As you may have gathered, there are rules as to what you can and can’t compost, but once you understand what composting really is, the rules start to make a lot of sense.
What IS compost anyways?
When you create a compost pile, what you’re actually doing is creating a habitat for tiny bugs (called micro-organisms) that eat your food scraps and yard waste and convert them into nutrients that can be used by plants. In addition to nitrogen and carbon (found in the food scraps and other materials), these micro-organisms need water and oxygen to survive.
What CAN you compost?
You can pretty much compost anything that originates from a plant. If it grows, it goes. That means vegetables, fruits, coffee grounds, tea bags, sawdust, wood ash, etc. All of these ingredients are good eating for our micro-organism community! Pretty straightforward right?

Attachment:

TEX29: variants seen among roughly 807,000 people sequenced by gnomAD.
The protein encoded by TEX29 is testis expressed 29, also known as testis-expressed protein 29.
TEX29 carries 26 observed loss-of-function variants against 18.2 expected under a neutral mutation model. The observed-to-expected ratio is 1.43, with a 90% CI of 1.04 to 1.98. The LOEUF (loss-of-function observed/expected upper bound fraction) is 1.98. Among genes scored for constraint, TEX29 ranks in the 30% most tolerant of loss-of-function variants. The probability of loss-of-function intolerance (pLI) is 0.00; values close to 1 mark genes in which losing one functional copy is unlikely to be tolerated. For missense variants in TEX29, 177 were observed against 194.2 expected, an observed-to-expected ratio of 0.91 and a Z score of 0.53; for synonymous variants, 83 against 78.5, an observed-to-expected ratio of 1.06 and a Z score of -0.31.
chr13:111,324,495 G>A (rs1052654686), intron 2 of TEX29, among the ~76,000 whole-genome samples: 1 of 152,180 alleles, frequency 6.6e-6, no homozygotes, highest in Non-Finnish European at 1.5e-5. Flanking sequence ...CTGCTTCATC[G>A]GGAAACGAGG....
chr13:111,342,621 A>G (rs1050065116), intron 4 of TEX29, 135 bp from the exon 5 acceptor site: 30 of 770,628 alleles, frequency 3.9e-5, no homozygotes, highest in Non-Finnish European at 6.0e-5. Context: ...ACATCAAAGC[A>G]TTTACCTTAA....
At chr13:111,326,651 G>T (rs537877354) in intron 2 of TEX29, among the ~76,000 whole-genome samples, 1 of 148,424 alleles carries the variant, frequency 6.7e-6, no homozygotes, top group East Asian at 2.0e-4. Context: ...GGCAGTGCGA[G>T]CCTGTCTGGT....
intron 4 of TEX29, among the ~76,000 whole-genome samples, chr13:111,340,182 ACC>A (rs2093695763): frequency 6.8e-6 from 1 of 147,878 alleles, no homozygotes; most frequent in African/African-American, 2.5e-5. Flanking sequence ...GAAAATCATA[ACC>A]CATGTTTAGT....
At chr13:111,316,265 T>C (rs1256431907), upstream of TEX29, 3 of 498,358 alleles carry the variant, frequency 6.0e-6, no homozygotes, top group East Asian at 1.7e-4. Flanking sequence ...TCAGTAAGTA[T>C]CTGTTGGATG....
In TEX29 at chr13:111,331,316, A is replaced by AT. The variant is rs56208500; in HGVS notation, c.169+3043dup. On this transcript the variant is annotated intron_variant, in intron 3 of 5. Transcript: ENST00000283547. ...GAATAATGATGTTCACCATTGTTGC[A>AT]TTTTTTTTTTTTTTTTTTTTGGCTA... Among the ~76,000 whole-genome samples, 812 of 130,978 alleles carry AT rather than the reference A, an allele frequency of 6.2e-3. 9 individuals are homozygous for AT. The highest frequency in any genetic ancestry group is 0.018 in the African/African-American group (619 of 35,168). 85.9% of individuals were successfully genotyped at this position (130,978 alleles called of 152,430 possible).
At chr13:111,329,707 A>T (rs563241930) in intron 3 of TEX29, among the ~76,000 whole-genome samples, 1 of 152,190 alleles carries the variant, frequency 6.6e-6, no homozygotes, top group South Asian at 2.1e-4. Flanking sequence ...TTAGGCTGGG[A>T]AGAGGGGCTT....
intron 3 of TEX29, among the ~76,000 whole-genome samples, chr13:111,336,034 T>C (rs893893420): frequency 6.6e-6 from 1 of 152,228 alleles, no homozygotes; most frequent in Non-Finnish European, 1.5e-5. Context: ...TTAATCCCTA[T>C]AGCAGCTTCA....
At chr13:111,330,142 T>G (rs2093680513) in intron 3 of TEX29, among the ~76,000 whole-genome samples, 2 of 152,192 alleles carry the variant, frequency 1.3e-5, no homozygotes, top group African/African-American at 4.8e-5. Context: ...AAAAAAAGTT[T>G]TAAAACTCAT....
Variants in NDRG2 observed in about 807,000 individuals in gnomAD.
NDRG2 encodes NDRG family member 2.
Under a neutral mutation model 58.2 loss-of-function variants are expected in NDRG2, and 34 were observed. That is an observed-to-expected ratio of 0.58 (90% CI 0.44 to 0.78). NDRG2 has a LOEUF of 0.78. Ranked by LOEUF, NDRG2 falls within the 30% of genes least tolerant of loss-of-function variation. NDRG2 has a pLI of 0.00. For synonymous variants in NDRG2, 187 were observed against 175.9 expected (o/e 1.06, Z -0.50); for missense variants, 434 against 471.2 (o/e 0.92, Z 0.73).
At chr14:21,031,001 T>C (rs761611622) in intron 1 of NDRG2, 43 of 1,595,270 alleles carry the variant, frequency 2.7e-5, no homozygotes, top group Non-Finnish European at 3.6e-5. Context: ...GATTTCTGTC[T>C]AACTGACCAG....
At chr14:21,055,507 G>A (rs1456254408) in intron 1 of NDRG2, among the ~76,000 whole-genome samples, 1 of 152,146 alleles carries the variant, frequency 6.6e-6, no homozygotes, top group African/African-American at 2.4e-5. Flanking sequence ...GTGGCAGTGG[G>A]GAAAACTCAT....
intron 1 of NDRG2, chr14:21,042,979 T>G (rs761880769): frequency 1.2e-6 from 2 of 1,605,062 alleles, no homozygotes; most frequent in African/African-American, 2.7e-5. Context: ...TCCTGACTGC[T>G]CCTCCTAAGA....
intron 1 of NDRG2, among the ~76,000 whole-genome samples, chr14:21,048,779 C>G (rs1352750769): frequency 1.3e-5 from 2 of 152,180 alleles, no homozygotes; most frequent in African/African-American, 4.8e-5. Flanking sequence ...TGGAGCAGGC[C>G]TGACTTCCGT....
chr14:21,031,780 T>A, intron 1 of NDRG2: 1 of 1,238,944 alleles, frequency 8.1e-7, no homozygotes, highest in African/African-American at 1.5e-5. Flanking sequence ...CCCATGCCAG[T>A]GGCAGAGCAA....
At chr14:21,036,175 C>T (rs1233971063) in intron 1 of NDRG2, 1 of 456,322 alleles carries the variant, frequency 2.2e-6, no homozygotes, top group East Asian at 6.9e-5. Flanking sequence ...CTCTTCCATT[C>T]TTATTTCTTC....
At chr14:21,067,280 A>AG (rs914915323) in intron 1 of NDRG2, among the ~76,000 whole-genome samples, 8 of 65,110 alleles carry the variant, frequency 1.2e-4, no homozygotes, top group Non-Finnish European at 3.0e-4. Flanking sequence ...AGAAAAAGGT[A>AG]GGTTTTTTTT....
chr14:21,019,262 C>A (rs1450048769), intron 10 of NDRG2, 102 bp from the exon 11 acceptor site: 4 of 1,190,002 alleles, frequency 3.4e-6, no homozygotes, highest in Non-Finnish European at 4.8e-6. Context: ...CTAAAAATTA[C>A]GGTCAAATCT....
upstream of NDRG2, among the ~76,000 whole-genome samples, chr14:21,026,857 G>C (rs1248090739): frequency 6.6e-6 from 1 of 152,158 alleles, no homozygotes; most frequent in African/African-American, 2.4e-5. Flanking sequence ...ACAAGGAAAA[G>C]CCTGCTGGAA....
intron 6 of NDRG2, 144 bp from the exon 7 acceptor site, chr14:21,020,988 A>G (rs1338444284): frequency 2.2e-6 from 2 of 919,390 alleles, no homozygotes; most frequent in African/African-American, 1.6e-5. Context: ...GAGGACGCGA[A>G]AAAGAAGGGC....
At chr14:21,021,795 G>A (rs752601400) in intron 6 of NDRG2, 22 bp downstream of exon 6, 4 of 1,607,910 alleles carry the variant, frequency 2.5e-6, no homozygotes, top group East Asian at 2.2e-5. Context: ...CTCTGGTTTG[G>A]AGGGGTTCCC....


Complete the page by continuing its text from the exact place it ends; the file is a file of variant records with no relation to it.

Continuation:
What CAN’T you compost?
When we get into what can’t be composted though, it gets a little bit tricky. What’s easy to remember is that you can’t compost anything inorganic (that means non-living). So anything that’s plastic, metal, rubber, glass, or any other material that wouldn’t make good food for our micro-organisms can’t be composted.
But what about meat and dairy?
When it comes to meat, bones, and dairy products things can get confusing. All of these scraps ARE organic, and theoretically CAN be composted. HOWEVER, these materials encourage the growth of the wrong types of micro-organisms, ones that are anaerobic (meaning they don’t need oxygen). These anaerobic organisms break food down very slowly and produce a nasty smell as they work. These materials can also create clumps in the compost piles that don’t break down well, and are far more likely to attract pests.
One day we’re hoping to be able to accept all organic materials,
but for now we’re sticking to this easy to remember mantra:
if it grows, it goes.